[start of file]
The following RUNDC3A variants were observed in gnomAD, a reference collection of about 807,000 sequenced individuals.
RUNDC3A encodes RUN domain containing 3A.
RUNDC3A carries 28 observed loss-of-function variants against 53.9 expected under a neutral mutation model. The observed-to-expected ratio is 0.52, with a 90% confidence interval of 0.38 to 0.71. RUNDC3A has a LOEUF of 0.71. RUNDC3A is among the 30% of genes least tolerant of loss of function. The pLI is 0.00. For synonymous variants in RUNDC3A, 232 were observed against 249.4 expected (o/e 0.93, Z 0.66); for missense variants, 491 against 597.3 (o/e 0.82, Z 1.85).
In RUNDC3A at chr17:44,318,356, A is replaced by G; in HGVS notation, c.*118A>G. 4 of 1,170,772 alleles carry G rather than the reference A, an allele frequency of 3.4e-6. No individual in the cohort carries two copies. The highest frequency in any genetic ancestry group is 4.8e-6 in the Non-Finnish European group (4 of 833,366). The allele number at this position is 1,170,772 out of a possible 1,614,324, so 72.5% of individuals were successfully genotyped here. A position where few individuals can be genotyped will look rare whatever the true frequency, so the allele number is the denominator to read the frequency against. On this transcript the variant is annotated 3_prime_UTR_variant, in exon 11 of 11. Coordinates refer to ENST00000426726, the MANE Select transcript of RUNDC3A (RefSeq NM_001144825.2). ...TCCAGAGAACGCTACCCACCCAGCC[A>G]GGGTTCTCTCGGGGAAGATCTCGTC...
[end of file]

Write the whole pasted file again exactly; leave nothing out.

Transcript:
The following RUNDC3A variants were observed in gnomAD, a reference collection of about 807,000 sequenced individuals.
RUNDC3A encodes RUN domain containing 3A.
RUNDC3A carries 28 observed loss-of-function variants against 53.9 expected under a neutral mutation model. The observed-to-expected ratio is 0.52, with a 90% confidence interval of 0.38 to 0.71. RUNDC3A has a LOEUF of 0.71. RUNDC3A is among the 30% of genes least tolerant of loss of function. The pLI is 0.00. For synonymous variants in RUNDC3A, 232 were observed against 249.4 expected (o/e 0.93, Z 0.66); for missense variants, 491 against 597.3 (o/e 0.82, Z 1.85).
In RUNDC3A at chr17:44,318,356, A is replaced by G; in HGVS notation, c.*118A>G. 4 of 1,170,772 alleles carry G rather than the reference A, an allele frequency of 3.4e-6. No individual in the cohort carries two copies. The highest frequency in any genetic ancestry group is 4.8e-6 in the Non-Finnish European group (4 of 833,366). The allele number at this position is 1,170,772 out of a possible 1,614,324, so 72.5% of individuals were successfully genotyped here. A position where few individuals can be genotyped will look rare whatever the true frequency, so the allele number is the denominator to read the frequency against. On this transcript the variant is annotated 3_prime_UTR_variant, in exon 11 of 11. Coordinates refer to ENST00000426726, the MANE Select transcript of RUNDC3A (RefSeq NM_001144825.2). ...TCCAGAGAACGCTACCCACCCAGCC[A>G]GGGTTCTCTCGGGGAAGATCTCGTC...